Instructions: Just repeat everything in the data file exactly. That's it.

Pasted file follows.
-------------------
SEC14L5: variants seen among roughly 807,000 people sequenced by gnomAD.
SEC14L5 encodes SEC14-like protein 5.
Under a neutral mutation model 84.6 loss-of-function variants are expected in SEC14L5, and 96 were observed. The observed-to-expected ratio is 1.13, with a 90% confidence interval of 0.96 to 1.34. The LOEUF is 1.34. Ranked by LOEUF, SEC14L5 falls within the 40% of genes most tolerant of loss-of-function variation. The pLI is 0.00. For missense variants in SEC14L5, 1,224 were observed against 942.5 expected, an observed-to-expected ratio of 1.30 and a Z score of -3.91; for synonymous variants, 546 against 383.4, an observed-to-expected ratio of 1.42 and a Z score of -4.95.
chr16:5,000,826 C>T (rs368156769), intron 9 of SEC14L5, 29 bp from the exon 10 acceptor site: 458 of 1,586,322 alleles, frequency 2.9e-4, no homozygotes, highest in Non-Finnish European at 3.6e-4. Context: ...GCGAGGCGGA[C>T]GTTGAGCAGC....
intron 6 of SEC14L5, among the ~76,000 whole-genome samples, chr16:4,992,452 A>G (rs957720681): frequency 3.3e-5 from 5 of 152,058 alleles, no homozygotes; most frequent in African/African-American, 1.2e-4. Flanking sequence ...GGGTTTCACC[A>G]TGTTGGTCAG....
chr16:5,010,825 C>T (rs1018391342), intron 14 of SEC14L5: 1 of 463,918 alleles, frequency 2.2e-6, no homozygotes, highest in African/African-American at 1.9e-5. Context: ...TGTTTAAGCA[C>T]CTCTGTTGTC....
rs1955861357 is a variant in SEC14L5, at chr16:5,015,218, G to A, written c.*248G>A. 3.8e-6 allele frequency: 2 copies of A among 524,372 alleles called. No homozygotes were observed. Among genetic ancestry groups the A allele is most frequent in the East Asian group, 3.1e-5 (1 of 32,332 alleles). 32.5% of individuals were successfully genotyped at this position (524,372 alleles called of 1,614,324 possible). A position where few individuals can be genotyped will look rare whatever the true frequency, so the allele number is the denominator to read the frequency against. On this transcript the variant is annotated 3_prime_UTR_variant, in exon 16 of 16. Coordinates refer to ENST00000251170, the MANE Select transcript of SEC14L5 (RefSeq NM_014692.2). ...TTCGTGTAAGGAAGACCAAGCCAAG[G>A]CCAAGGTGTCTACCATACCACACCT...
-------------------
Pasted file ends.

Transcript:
SEC14L5: variants seen among roughly 807,000 people sequenced by gnomAD.
SEC14L5 encodes SEC14-like protein 5.
Under a neutral mutation model 84.6 loss-of-function variants are expected in SEC14L5, and 96 were observed. The observed-to-expected ratio is 1.13, with a 90% confidence interval of 0.96 to 1.34. The LOEUF is 1.34. Ranked by LOEUF, SEC14L5 falls within the 40% of genes most tolerant of loss-of-function variation. The pLI is 0.00. For missense variants in SEC14L5, 1,224 were observed against 942.5 expected, an observed-to-expected ratio of 1.30 and a Z score of -3.91; for synonymous variants, 546 against 383.4, an observed-to-expected ratio of 1.42 and a Z score of -4.95.
chr16:5,000,826 C>T (rs368156769), intron 9 of SEC14L5, 29 bp from the exon 10 acceptor site: 458 of 1,586,322 alleles, frequency 2.9e-4, no homozygotes, highest in Non-Finnish European at 3.6e-4. Context: ...GCGAGGCGGA[C>T]GTTGAGCAGC....
intron 6 of SEC14L5, among the ~76,000 whole-genome samples, chr16:4,992,452 A>G (rs957720681): frequency 3.3e-5 from 5 of 152,058 alleles, no homozygotes; most frequent in African/African-American, 1.2e-4. Flanking sequence ...GGGTTTCACC[A>G]TGTTGGTCAG....
chr16:5,010,825 C>T (rs1018391342), intron 14 of SEC14L5: 1 of 463,918 alleles, frequency 2.2e-6, no homozygotes, highest in African/African-American at 1.9e-5. Context: ...TGTTTAAGCA[C>T]CTCTGTTGTC....
rs1955861357 is a variant in SEC14L5, at chr16:5,015,218, G to A, written c.*248G>A. 3.8e-6 allele frequency: 2 copies of A among 524,372 alleles called. No homozygotes were observed. Among genetic ancestry groups the A allele is most frequent in the East Asian group, 3.1e-5 (1 of 32,332 alleles). 32.5% of individuals were successfully genotyped at this position (524,372 alleles called of 1,614,324 possible). A position where few individuals can be genotyped will look rare whatever the true frequency, so the allele number is the denominator to read the frequency against. On this transcript the variant is annotated 3_prime_UTR_variant, in exon 16 of 16. Coordinates refer to ENST00000251170, the MANE Select transcript of SEC14L5 (RefSeq NM_014692.2). ...TTCGTGTAAGGAAGACCAAGCCAAG[G>A]CCAAGGTGTCTACCATACCACACCT...